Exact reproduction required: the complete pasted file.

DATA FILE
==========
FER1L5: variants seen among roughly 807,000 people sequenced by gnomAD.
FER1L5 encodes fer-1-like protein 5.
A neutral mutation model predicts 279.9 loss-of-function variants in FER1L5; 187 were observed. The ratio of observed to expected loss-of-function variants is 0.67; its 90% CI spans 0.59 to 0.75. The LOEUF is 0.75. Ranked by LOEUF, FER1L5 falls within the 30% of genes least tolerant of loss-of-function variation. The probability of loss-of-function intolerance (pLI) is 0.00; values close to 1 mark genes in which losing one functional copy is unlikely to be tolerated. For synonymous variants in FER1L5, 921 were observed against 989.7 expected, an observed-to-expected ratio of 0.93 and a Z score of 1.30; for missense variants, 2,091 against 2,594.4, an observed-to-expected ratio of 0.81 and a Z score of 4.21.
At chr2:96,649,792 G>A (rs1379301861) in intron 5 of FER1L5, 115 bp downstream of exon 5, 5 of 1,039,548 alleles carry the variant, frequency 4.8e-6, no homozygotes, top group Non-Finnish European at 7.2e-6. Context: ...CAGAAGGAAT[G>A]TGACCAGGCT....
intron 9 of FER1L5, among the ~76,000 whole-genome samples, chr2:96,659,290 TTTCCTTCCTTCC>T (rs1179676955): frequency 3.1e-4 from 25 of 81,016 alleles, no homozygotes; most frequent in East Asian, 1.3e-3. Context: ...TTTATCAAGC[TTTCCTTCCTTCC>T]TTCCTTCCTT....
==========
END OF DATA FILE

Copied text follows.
FER1L5: variants seen among roughly 807,000 people sequenced by gnomAD.
FER1L5 encodes fer-1-like protein 5.
A neutral mutation model predicts 279.9 loss-of-function variants in FER1L5; 187 were observed. The ratio of observed to expected loss-of-function variants is 0.67; its 90% CI spans 0.59 to 0.75. The LOEUF is 0.75. Ranked by LOEUF, FER1L5 falls within the 30% of genes least tolerant of loss-of-function variation. The probability of loss-of-function intolerance (pLI) is 0.00; values close to 1 mark genes in which losing one functional copy is unlikely to be tolerated. For synonymous variants in FER1L5, 921 were observed against 989.7 expected, an observed-to-expected ratio of 0.93 and a Z score of 1.30; for missense variants, 2,091 against 2,594.4, an observed-to-expected ratio of 0.81 and a Z score of 4.21.
At chr2:96,649,792 G>A (rs1379301861) in intron 5 of FER1L5, 115 bp downstream of exon 5, 5 of 1,039,548 alleles carry the variant, frequency 4.8e-6, no homozygotes, top group Non-Finnish European at 7.2e-6. Context: ...CAGAAGGAAT[G>A]TGACCAGGCT....
intron 9 of FER1L5, among the ~76,000 whole-genome samples, chr2:96,659,290 TTTCCTTCCTTCC>T (rs1179676955): frequency 3.1e-4 from 25 of 81,016 alleles, no homozygotes; most frequent in East Asian, 1.3e-3. Context: ...TTTATCAAGC[TTTCCTTCCTTCC>T]TTCCTTCCTT....